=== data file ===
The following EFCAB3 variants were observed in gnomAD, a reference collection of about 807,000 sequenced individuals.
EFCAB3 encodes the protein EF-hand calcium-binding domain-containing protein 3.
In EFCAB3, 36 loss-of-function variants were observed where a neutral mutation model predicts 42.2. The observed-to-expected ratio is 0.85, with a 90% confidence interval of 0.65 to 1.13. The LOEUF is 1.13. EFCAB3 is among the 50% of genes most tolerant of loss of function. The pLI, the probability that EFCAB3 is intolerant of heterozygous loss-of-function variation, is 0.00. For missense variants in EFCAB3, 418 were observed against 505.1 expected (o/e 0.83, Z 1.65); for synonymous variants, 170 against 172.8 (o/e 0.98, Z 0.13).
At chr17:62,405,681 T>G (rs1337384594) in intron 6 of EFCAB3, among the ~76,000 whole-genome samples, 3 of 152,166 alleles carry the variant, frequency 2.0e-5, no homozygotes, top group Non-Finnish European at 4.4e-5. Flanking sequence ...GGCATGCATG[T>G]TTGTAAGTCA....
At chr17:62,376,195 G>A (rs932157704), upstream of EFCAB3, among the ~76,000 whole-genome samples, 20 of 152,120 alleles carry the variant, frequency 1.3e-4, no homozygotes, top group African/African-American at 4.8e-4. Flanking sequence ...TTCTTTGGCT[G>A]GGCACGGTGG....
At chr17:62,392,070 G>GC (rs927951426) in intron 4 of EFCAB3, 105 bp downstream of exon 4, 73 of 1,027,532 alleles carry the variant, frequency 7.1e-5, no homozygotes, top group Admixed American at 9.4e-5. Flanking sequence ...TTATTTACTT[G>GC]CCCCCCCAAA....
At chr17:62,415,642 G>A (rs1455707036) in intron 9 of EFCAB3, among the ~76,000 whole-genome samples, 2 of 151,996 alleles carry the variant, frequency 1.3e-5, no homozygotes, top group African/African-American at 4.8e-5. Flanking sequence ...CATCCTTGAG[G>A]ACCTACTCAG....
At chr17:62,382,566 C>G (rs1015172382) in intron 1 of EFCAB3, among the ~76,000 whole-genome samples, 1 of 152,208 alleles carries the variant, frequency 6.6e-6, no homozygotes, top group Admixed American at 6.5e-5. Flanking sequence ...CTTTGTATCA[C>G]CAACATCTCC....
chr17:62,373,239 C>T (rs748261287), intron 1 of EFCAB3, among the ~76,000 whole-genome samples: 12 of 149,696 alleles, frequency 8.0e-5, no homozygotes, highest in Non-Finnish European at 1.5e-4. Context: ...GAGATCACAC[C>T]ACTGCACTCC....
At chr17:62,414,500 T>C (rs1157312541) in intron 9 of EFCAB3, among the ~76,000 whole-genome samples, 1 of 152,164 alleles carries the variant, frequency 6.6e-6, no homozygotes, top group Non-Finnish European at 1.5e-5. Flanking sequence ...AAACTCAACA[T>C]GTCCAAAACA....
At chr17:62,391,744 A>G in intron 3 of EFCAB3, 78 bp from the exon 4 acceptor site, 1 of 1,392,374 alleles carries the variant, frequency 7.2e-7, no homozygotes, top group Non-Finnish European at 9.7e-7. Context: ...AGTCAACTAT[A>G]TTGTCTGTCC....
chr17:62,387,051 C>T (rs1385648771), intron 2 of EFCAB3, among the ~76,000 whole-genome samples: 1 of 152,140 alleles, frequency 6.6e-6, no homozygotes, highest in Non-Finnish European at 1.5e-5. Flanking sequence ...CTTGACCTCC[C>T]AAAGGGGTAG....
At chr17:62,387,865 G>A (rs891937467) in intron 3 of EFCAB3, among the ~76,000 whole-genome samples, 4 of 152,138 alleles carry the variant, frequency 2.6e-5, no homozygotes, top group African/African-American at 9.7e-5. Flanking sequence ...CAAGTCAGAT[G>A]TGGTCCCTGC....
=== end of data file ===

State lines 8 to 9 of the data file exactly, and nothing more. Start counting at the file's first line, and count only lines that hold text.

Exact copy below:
At chr17:62,382,566 C>G (rs1015172382) in intron 1 of EFCAB3, among the ~76,000 whole-genome samples, 1 of 152,208 alleles carries the variant, frequency 6.6e-6, no homozygotes, top group Admixed American at 6.5e-5. Flanking sequence ...CTTTGTATCA[C>G]CAACATCTCC....
chr17:62,373,239 C>T (rs748261287), intron 1 of EFCAB3, among the ~76,000 whole-genome samples: 12 of 149,696 alleles, frequency 8.0e-5, no homozygotes, highest in Non-Finnish European at 1.5e-4. Context: ...GAGATCACAC[C>T]ACTGCACTCC....